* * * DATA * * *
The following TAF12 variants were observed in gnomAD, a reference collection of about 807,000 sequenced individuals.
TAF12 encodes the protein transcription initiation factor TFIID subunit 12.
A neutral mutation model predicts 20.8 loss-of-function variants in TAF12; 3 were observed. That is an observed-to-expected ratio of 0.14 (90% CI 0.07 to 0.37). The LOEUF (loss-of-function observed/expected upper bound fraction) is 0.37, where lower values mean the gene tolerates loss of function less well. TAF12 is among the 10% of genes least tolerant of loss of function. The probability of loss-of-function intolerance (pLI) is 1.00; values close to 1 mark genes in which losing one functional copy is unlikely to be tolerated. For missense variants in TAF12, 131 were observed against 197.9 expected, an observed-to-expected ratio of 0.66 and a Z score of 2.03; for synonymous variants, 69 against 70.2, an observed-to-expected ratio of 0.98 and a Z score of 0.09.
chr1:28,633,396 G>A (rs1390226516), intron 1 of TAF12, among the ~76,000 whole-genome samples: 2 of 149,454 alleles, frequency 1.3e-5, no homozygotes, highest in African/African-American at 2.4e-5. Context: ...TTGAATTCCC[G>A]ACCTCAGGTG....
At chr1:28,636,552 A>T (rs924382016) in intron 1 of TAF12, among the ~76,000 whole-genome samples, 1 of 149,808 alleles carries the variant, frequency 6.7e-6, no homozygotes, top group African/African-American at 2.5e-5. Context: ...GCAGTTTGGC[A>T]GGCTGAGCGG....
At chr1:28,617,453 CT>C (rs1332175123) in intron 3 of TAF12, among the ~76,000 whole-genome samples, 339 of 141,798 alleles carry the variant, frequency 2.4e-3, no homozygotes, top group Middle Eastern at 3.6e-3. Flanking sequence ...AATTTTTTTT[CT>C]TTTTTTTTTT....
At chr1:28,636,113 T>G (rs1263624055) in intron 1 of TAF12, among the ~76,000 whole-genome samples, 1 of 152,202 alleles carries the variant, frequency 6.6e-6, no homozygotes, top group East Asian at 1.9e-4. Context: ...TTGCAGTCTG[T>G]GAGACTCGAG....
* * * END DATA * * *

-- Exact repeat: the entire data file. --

The following TAF12 variants were observed in gnomAD, a reference collection of about 807,000 sequenced individuals.
TAF12 encodes the protein transcription initiation factor TFIID subunit 12.
A neutral mutation model predicts 20.8 loss-of-function variants in TAF12; 3 were observed. That is an observed-to-expected ratio of 0.14 (90% CI 0.07 to 0.37). The LOEUF (loss-of-function observed/expected upper bound fraction) is 0.37, where lower values mean the gene tolerates loss of function less well. TAF12 is among the 10% of genes least tolerant of loss of function. The probability of loss-of-function intolerance (pLI) is 1.00; values close to 1 mark genes in which losing one functional copy is unlikely to be tolerated. For missense variants in TAF12, 131 were observed against 197.9 expected, an observed-to-expected ratio of 0.66 and a Z score of 2.03; for synonymous variants, 69 against 70.2, an observed-to-expected ratio of 0.98 and a Z score of 0.09.
chr1:28,633,396 G>A (rs1390226516), intron 1 of TAF12, among the ~76,000 whole-genome samples: 2 of 149,454 alleles, frequency 1.3e-5, no homozygotes, highest in African/African-American at 2.4e-5. Context: ...TTGAATTCCC[G>A]ACCTCAGGTG....
At chr1:28,636,552 A>T (rs924382016) in intron 1 of TAF12, among the ~76,000 whole-genome samples, 1 of 149,808 alleles carries the variant, frequency 6.7e-6, no homozygotes, top group African/African-American at 2.5e-5. Context: ...GCAGTTTGGC[A>T]GGCTGAGCGG....
At chr1:28,617,453 CT>C (rs1332175123) in intron 3 of TAF12, among the ~76,000 whole-genome samples, 339 of 141,798 alleles carry the variant, frequency 2.4e-3, no homozygotes, top group Middle Eastern at 3.6e-3. Flanking sequence ...AATTTTTTTT[CT>C]TTTTTTTTTT....
At chr1:28,636,113 T>G (rs1263624055) in intron 1 of TAF12, among the ~76,000 whole-genome samples, 1 of 152,202 alleles carries the variant, frequency 6.6e-6, no homozygotes, top group East Asian at 1.9e-4. Context: ...TTGCAGTCTG[T>G]GAGACTCGAG....